`ggplot2`

**Packages**:

- Previously used:
`dplyr`

,`lfe`

,`readr`

,`magrittr`

and`parallel`

- New:
`ggplot2`

,`ggthemes`

,`viridis`

**Data**: The `auto.csv`

file.

Last week we discussed statistical inference—specifically using \(t\) and \(F\) statistics to conduct hypothesis tests. We also talked about simulations and parallelizing your R code.

We will discuss how to utilize R’s powerful figure-making package `ggplot2`

.

Economics journals are not always filled with the most aesthetically pleasing figures.^{1} To make matters worse, the same journals often feature fairly unhelpful images with equally uninformative captions. One might rationalize this behavior by saying that producing informative and aesthetically pleasing figures requires a lot of time and effort—and is just really hard.

In this section—and in future sections—I hope to demonstrate that while producing informative and pleasing figures probably takes more time that producing uninformative and ugly figures, it does not take *that much* time and effort, once you learn the basics of `ggplot2`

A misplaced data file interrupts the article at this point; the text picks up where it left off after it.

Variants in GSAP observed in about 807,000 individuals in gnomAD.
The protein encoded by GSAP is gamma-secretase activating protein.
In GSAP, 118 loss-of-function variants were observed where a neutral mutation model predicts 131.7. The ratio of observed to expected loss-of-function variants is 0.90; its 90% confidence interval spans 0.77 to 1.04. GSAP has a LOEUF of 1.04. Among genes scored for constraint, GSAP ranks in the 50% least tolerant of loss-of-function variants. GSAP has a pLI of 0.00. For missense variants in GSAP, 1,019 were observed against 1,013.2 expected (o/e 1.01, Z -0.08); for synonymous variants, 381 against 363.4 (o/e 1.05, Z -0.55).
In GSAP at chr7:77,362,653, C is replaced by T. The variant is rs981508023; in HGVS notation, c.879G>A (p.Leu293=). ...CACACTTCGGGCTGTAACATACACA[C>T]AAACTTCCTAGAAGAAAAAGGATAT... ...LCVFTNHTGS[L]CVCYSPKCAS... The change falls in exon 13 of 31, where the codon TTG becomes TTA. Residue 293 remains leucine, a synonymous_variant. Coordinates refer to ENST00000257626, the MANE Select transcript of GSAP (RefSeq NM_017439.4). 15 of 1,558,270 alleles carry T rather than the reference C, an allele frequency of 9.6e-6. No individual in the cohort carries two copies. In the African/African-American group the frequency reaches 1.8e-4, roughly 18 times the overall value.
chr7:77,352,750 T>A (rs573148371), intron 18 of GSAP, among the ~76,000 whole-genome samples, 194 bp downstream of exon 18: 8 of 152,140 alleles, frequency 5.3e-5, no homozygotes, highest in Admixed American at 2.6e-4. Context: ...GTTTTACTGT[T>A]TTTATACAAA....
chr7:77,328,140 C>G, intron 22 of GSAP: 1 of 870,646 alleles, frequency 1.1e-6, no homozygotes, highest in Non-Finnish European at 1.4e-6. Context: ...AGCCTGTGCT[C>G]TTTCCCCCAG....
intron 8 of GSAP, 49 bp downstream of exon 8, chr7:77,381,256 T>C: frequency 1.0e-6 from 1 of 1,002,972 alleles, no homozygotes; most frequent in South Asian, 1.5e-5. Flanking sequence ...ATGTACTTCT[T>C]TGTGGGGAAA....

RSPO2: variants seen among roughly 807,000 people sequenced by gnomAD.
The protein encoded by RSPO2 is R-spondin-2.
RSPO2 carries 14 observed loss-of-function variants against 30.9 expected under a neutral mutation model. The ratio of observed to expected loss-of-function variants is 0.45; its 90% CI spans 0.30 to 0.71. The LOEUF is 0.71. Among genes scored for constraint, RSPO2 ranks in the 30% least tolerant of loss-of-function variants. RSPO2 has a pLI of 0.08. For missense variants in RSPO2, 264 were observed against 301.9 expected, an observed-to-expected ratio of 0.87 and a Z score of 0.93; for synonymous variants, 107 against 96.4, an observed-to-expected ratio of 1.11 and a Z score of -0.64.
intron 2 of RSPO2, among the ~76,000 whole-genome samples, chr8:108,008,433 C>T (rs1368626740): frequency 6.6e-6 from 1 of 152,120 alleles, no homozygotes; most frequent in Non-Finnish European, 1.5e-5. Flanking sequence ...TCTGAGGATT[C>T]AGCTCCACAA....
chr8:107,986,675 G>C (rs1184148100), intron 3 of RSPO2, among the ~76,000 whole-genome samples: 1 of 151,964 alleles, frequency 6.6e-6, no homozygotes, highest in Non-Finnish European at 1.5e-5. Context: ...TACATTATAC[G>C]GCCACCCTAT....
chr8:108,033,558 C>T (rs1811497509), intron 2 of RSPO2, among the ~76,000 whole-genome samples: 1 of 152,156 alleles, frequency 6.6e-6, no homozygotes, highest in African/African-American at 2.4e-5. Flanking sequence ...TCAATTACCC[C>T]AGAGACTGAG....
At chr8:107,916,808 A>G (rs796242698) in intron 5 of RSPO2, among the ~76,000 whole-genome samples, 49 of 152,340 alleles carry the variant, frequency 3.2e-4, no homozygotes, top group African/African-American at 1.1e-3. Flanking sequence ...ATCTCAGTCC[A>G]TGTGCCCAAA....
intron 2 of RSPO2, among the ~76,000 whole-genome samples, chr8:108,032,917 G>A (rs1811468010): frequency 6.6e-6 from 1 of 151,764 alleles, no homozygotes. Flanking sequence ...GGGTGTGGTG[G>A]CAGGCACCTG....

. There is the cost-side argument; now for the benefit-side argument….

Figures *can* be very powerful. We have all seen bad figures that shed approximately zero light on their topic. Well-made figures can quickly and clearly communicate ideas that would take several paragraphs to describe. In general, most applied (empirical) economics papers should be able to describe the main results in a single graph.^{2} Audiences generally love figures. And hopefully your papers and presentations are attempting to communicate to an audience.[Again, if this is not the case, as yourself why not. And try to fix it.]